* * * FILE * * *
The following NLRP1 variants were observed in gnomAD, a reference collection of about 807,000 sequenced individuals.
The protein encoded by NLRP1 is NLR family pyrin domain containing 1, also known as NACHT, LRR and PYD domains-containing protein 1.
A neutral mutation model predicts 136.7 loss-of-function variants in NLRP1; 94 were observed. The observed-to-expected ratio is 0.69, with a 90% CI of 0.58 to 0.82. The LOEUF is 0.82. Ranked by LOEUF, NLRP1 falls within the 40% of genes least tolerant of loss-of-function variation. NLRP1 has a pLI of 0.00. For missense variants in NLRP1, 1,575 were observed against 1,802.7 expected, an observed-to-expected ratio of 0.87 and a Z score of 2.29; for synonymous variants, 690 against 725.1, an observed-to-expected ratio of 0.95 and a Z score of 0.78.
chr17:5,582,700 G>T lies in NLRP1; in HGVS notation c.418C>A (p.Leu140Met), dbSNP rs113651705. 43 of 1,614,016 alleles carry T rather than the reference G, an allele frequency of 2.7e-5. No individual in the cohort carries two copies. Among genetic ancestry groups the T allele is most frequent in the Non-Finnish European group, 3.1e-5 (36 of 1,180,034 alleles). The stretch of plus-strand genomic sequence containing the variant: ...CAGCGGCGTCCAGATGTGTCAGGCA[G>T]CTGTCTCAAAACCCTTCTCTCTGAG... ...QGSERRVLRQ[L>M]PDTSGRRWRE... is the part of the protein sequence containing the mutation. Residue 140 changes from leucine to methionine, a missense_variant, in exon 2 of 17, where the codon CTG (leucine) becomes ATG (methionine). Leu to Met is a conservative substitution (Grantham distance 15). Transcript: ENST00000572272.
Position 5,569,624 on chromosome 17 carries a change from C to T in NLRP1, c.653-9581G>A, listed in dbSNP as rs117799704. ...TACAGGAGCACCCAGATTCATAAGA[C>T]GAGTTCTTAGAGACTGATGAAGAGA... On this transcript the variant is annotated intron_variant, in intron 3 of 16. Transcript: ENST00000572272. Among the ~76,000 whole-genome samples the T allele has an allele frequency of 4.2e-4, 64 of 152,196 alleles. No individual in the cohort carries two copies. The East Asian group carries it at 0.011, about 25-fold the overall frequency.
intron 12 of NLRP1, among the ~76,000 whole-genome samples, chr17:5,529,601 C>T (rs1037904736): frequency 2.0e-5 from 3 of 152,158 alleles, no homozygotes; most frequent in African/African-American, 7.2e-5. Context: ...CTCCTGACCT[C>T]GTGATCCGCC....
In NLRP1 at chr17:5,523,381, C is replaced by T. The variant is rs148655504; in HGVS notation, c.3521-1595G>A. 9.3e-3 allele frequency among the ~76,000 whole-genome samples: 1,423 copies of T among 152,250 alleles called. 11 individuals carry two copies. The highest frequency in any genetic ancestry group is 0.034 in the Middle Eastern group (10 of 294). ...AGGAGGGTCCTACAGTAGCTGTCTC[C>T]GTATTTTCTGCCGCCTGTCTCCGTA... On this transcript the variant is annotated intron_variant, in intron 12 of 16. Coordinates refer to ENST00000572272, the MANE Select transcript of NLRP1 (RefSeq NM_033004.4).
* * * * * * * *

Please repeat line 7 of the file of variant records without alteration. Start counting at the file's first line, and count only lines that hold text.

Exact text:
In NLRP1 at chr17:5,523,381, C is replaced by T. The variant is rs148655504; in HGVS notation, c.3521-1595G>A. 9.3e-3 allele frequency among the ~76,000 whole-genome samples: 1,423 copies of T among 152,250 alleles called. 11 individuals carry two copies. The highest frequency in any genetic ancestry group is 0.034 in the Middle Eastern group (10 of 294). ...AGGAGGGTCCTACAGTAGCTGTCTC[C>T]GTATTTTCTGCCGCCTGTCTCCGTA... On this transcript the variant is annotated intron_variant, in intron 12 of 16. Coordinates refer to ENST00000572272, the MANE Select transcript of NLRP1 (RefSeq NM_033004.4).